The company which supplies most of southeastern Idaho’s electricity, PacifiCorp, recently announced it will switch out of coal and meet most of its needs with solar and wind, plus batteries for use when the sun doesn’t shine and the wind doesn’t blow. One Western utility after another has made a similar announcement this year, including Idaho Power. Our question today is: with such stunning abandonment of coal for renewables, is there still a need for nuclear?
Utilities in many Western communities are saying yes. So is the world at large.
Public utilities such as in the city of Idaho Falls will soon be able to purchase electricity from a cluster of small, simplified modular reactors that shut themselves down when unsafe and dispose of spent fuel in ways never imagined when the nuclear age began. Fittingly, they will be built where nuclear energy first generated electricity, lighting the town of Arco in 1953.
The flight to renewables is coming on fast. PacifiCorp, with nearly two million customers, will install 30,00 megawatts of wind and 3,500 megawatts of wind. Excel, with three million customers from Minnesota to Texas, will become 80 percent renewable by 2030. West coast utilities are on an even steeper curve.
Utilities are choosing wind, solar and battery storage in spite of the abundant natural gas because those sources are cheaper, cleaner and popular with customers. So why would utilities nonetheless buy some electricity from small reactors in Idaho?
The reactors in question will be built by NuScale, an Oregon company using a design conceived by an Oregon state physicist to address the three greatest vulnerabilities of nuclear: safety, disposal of spent fuel and long-term cost.
Each reactor generates 60 megawatts. Reactors will typically be installed in clusters and buried beneath a few acres of earth, use passive principles to shut down as needed while using less water for cooling. By building modularly in factories, costs can be reduced. Because they are small, NuScale plants can be installed where no transmission lines exist or at remote locations, for example, to desalinize seawater.
The utilities in question — more than 30 in Idaho, Utah, California, Nevada and New Mexico — have until 2023 to purchase from a cluster of 12 reactors generating 720 megawatts of electricity (720,000 homes). Final approval by the federal Nuclear Regulatory Commission is expected next year, with start-up perhaps in 2026.
They will use nuclear-generated energy to replace coal. With nuclear as a base they can then add solar and wind without the cost of batteries. Levelized cost is expected to be under $50 a kilowatt-hour which is double the current cost of solar and wind but less over 60 years than the cost of natural gas, the alternative baseload.
Let’s be clear: NuScale’s first reactors are made possible by federal support — $380 million since 2013 — to go with substantial private capital. Utilities will receive $63 million for licensing and siting, which surely influenced their decision. This will not be repeated.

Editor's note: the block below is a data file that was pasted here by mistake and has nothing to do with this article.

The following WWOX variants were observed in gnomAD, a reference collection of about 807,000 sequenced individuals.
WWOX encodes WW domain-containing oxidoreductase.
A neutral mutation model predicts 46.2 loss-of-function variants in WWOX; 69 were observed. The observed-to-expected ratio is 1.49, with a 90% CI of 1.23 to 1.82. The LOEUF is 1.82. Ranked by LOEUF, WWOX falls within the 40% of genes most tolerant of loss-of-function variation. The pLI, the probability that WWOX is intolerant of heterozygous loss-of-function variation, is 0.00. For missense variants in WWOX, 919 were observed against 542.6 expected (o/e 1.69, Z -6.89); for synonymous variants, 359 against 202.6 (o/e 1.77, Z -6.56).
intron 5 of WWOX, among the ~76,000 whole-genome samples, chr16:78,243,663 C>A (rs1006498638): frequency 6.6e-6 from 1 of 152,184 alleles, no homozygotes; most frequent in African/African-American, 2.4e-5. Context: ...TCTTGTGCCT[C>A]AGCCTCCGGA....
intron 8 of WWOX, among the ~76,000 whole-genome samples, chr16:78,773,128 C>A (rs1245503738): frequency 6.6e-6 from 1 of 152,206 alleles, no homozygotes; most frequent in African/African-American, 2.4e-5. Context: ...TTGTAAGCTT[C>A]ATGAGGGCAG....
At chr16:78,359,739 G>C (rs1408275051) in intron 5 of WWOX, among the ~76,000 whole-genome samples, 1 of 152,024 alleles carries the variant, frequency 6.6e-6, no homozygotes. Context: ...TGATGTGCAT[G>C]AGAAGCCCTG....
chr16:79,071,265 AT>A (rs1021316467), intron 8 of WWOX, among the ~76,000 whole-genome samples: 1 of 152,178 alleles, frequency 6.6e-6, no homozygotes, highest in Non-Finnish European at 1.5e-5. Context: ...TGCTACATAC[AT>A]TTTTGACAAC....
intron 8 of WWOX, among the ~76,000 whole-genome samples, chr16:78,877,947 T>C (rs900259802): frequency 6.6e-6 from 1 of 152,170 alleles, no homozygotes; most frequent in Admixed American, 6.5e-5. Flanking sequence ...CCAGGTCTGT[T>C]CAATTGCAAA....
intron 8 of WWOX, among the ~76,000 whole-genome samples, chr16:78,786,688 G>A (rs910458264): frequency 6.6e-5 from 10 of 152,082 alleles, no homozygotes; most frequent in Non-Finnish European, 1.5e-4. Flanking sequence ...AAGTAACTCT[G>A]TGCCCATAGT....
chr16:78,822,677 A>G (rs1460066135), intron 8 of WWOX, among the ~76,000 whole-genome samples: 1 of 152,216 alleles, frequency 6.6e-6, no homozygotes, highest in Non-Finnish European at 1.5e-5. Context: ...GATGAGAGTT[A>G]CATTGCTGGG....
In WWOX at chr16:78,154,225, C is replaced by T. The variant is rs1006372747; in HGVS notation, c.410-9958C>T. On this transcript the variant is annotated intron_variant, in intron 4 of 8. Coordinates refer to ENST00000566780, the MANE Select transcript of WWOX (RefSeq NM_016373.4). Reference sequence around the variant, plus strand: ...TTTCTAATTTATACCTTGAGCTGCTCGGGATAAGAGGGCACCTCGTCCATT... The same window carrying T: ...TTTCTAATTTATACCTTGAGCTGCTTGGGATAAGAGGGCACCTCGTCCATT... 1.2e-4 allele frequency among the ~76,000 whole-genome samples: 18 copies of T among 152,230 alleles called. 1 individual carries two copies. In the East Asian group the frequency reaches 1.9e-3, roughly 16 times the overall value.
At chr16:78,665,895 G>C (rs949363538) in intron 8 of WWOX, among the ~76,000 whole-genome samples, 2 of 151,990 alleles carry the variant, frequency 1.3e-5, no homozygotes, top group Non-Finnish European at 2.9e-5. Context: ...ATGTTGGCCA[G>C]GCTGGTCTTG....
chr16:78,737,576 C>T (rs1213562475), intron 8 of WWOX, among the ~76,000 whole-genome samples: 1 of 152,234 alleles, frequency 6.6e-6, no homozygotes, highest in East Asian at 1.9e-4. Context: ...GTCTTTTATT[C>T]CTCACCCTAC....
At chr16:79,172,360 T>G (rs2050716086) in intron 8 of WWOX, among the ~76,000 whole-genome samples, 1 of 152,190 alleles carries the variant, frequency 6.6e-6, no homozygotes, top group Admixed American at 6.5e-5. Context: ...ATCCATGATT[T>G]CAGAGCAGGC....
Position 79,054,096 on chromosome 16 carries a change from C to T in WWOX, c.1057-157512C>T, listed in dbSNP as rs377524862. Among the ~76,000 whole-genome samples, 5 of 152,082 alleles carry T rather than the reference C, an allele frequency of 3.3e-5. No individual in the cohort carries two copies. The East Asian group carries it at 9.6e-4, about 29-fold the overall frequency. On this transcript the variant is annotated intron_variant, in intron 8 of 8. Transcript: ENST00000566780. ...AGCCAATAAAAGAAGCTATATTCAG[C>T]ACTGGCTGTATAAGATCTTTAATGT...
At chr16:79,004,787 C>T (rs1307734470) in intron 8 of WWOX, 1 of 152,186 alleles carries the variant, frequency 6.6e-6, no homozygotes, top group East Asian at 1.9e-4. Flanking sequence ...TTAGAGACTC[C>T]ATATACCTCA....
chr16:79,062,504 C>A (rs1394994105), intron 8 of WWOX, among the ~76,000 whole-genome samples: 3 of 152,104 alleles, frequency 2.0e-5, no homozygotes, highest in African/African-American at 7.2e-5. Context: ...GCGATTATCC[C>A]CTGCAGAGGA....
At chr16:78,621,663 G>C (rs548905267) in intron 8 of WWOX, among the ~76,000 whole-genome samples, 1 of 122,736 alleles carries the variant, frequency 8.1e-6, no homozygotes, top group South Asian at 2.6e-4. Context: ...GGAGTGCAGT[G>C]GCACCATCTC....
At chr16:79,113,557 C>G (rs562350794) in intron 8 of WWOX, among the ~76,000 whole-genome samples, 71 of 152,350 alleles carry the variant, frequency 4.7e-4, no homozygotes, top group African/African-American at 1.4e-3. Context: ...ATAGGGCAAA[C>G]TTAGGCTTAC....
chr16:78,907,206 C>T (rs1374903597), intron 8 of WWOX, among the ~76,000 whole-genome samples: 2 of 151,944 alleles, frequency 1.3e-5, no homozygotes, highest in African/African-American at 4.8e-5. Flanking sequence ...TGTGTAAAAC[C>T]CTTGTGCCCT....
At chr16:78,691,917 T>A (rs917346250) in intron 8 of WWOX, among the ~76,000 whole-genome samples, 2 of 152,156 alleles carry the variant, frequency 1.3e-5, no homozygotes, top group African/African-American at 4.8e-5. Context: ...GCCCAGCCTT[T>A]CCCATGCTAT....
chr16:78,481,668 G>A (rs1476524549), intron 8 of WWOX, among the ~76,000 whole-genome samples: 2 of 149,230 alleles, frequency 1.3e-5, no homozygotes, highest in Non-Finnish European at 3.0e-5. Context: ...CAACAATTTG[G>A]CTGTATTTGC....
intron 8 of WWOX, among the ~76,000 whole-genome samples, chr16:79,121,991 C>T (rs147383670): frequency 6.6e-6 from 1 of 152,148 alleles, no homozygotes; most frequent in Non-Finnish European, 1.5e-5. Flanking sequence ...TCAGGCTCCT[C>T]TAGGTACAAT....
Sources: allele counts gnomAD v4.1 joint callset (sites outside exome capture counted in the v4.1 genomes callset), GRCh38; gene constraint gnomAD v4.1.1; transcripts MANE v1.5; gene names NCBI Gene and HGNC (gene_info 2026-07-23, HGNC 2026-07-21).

In Canada, Russia, China and many other places, similar fourth-generation reactors of various designs and sizes are being developed. Why?
The answer is simple: climate. Coal is the major reason the planet is hotter and fourth-generation nuclear is one clear remedy.
Coal may be phasing out in the United States but this is not true elsewhere. China and India burned more coal last two years than ever before and coal shipments over water increased 2 percent worldwide last year.
Countries developing nuclear aren’t crazy. China is the world leader in solar, wind, batteries and conventional nuclear. Yet China cannot get out of coal without substituting small nuclear. India’s need is even direr.
Overall, the world economy will triple to $292 trillion dollars by 2050. Renewables cannot meet that demand alone and have their own downsides. Every environmentally acceptable resource must be marshaled to meet the greatest challenge of our time.
NuScale’s prime market will likely be abroad. It recently signed a partnership with a Czech utility, adding to relationships in Romania, South Korea and France.
One of Idaho great contributions to the world was to invent a source of electricity, which today supplies 55 percent of all the non-fossil fuels used in the United States. The American navy depends on technology developed here.
Yes, mistakes made on the Idaho desert; in the early days creating dangerous conditions that demanded remedies. Those mistakes have split eastern Idaho from the rest of the state for decades. Vigilance over the safety of nuclear energy is entirely justified, then as now.
The Idaho Falls Post Register, where I was publisher or president for 27 years, took the need for action seriously. Our paper supported Govs. Andrus and Batt as they gained state control over the Department of Energy. We urged a serious measure of state control, often over local opposition.
However, the Batt Agreement was signed in 1996. Nine billion dollars have been spent on cleanup since then. Thousands of eastern Idahoans have lost their jobs, or will soon lose them, because that cleanup mission has been completed, with just one major task remaining.
With state regulation in place, with significantly improved technology and with climate becoming more dangerous to us every day, might NuScale enjoy a measure of the trust in Idaho lost during the last generation?
Understanding all this is deeply important. The climate challenge demands a higher level of honesty and accountability from all of us. And for taking action. Consider resetting your thinking — taking a new look — when the words “nuclear” and “Idaho” appear together. As our planet grows warmer while needing ever more energy, consider the future of all mankind.